SEAT Leon Cupra - Driver Assistance?

  • Hot SEAT's electronic driver assistance systems reviewed
  • Car features option packs along with lots of standard kit
  • Find out why we've managed to surprise ourselves

Let me start this article by saying that I love driving. You don’t have a car like this SEAT Leon Cupra if you’re anything close to indifferent about it.

So in a display of blatant closed-mindedness, the second I jumped into the driver’s seat for the first time I searched for a way to turn off anything that would interfere with my driving. I didn’t want nannying, wasn’t interested in computer intervention and frankly didn’t see the value in such equipment.

No-one was more surprised than I, then, to discover that I now make use of many of the Leon’s advanced ‘driver assistance’ systems.

But what exactly am I talking about here? In essence, they’re safety features installed with the aim of preventing - or mitigating the effects of - an accident by keeping the car within certain parameters automatically.

Adaptive Cruise Control with Front Assist

Chief among these, and the one I appreciate the most, is the radar-based Adaptive Cruise Control system. Like normal cruise control this allows the driver to set a speed for the Leon to travel at, and then maintains it automatically without the need to keep your foot on the throttle. But the ‘adaptive’ bit is where it gets clever; the Leon also detects slower-moving traffic in front and slows down to match their speed, so you don’t rear-end anyone.

You’re can set the distance you want to remain behind the vehicle you’re following, and the system will even brake the car to stationary should you hit a traffic jam.

That same technology also serves another purpose: SEAT’s Front Assist will prepare the brakes to apply maximum force if it senses an accident is imminent. Helpfully, it will warn you, too.

Cost: £505


Driver Assist Pack

The biggest shock for me is that I am now a fully paid-up member of the Lane Assist fan club. Coming as part of the Driver Assist Pack, this system uses a camera to sense if you’re drifting out of your lane without indicating, meaning your concentration may have lapsed or you could even have fallen asleep. It will them lightly steer the car back on course.

That’s right. The car will steer for you.  

This is something I’ve used a lot and it’s handier than you’d think. Initially I was surprised just how much it intervened, but then I noticed that it was doing the job rather well. It was my driving causing it to step in.

On longer journeys it’s very easy to become complacent behind the wheel, and especially so if you’ve got the cruise control engaged. I found the Lane Assist system provided a helpful reminder to keep concentrating, as well as offering a safety net that simply wasn’t there with it disengaged. It steps in just before you’re actually over the line, so you always get warning before you’re drifting towards the car next door.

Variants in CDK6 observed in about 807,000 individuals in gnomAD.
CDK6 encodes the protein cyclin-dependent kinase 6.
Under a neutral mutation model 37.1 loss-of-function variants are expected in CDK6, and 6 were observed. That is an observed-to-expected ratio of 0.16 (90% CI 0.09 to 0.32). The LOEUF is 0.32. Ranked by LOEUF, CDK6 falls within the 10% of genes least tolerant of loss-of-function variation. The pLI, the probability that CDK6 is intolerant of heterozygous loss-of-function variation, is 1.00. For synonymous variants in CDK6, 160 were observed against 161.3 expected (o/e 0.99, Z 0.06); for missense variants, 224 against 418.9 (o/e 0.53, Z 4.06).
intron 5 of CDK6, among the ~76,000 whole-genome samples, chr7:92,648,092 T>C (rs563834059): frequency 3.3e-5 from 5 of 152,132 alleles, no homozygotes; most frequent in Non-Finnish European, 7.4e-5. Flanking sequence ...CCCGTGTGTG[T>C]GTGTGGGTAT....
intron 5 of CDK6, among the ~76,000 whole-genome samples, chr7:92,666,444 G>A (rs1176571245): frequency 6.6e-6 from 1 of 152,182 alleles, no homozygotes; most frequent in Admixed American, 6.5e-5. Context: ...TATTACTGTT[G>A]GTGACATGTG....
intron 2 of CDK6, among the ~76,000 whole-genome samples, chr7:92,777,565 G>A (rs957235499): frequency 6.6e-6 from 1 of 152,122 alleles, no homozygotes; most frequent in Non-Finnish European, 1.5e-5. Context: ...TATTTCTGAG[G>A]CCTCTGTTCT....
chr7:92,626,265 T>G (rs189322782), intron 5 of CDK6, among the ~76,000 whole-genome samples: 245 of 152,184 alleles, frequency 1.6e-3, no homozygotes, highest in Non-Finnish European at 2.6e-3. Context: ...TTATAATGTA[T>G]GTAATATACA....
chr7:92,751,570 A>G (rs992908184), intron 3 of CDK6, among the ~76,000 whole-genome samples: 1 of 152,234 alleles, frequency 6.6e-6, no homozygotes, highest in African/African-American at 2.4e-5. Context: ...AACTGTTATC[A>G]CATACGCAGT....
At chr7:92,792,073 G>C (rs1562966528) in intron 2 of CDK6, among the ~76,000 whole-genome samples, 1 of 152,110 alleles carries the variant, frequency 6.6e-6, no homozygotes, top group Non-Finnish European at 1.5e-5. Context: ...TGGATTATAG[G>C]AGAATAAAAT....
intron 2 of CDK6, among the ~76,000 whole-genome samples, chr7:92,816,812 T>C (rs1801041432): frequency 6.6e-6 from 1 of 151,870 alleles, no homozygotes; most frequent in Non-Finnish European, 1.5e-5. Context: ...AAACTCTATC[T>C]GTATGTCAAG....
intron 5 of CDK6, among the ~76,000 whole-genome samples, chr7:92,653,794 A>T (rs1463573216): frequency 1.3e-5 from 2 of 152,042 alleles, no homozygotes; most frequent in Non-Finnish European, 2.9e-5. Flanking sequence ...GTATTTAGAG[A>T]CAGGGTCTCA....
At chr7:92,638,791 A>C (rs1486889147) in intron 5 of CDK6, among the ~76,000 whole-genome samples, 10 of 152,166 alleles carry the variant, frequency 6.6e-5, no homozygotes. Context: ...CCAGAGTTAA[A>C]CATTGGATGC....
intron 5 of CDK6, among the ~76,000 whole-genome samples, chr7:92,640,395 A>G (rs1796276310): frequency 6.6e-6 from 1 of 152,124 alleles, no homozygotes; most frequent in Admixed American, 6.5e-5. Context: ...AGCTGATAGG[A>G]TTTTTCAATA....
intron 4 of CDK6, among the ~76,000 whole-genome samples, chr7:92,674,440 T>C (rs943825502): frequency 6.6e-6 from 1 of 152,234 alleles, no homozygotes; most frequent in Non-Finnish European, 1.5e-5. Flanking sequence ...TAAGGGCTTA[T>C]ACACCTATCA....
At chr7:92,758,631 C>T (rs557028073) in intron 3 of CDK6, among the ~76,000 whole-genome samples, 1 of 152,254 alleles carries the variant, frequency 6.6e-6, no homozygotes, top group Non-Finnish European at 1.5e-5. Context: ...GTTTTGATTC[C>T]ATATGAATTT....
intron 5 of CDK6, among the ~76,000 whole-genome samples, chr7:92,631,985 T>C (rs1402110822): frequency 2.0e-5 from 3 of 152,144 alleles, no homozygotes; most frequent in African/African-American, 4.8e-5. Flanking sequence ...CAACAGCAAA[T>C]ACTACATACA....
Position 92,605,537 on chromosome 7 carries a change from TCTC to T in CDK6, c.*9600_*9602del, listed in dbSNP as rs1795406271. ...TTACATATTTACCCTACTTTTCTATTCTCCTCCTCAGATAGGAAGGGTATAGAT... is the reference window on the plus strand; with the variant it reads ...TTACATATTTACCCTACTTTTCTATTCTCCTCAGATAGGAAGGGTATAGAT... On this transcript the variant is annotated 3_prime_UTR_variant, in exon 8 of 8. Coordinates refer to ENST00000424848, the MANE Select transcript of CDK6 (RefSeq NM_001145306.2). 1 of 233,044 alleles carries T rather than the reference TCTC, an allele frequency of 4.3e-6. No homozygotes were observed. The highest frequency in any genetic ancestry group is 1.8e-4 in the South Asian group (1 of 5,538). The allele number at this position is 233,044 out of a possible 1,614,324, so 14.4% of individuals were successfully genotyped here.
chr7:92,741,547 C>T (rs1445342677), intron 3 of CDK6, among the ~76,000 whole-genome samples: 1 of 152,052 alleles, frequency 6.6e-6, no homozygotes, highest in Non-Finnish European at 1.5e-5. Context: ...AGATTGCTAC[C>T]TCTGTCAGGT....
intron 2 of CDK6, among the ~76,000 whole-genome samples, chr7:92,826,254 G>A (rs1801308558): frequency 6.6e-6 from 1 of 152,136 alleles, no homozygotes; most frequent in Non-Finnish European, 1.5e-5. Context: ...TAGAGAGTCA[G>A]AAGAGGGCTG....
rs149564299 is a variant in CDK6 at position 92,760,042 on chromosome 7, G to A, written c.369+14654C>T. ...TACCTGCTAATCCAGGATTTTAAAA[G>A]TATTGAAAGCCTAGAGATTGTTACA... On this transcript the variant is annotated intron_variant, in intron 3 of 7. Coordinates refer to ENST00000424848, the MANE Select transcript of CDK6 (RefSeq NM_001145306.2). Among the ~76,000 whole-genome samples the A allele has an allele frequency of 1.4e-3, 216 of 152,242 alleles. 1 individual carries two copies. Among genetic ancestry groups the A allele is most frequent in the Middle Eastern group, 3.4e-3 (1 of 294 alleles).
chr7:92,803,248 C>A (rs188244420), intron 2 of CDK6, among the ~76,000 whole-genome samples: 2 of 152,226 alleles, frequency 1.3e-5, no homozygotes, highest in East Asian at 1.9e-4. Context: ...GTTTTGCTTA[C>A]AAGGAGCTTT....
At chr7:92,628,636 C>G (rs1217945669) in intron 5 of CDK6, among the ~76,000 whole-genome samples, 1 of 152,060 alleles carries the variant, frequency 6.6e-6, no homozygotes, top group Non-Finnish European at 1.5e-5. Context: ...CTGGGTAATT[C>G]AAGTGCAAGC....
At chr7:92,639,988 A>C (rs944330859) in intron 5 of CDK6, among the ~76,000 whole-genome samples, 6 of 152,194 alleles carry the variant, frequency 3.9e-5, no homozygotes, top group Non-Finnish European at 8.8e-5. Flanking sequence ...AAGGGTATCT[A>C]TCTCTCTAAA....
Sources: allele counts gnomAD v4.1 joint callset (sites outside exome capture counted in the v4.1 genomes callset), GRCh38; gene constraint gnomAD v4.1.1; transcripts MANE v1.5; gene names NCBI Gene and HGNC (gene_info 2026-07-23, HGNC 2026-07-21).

You can tell the system is active because the little yellow road icon (next to the red (!) icon) you can see below turns green. 

It won’t absolutely take over from the driver, though. If it detects no inputs after a short while from the driver you start to get audible and visual warnings to take control of the steering.

The Driver Assist Pack also includes automatic high-beam headlights, but the polite Brit in me won’t use this. I’m scared of dazzling other road users, preferring to make my own decision as to whether high-beams are required or not. That’s probably a legacy from my hard-headedness more than anything else, though.

Cost: £300


Safety Pack

The cheapest of the packages here, this includes a fatigue-recognition feature which can detect minute driving errors made by tired drivers. It will warn you if it thinks you need a break.

I’ve not experienced this warning yet – which is good, I suppose – but it’s nice to know it’s there anyway.

The second half of this pack is a seatbelt reminder warning for the rear seats. Pointless for me, really, but if you’ve got kids (and presumably a five-door Leon) then it’s welcome peace of mind.

Cost: £120


Standard features

The automatic headlights and wipers are a fantastic feature - but as I mentioned in the previous update, you do need to remember to switch them on manually if it's daylight and foggy or raining. 

One feature I'm not so sure about is the voice control function for the multimedia and telephony system - I've not been able to get it to work effectively, and I find myself concentrating so much on talking, it distracts me from the driving. I suspect, once again, this is more my problem than the car's, though. I shall continue to test it. 

Lastly, who wouldn't want parking sensors? The Cupra has them at both ends and while I'm fully able to park a car, it's always helpful to have a reference as to how close hard objects are. It also means you can be more precise, fitting your car neatly into spaces. 

Mileage: 8,145

Fuel economy: 24mpg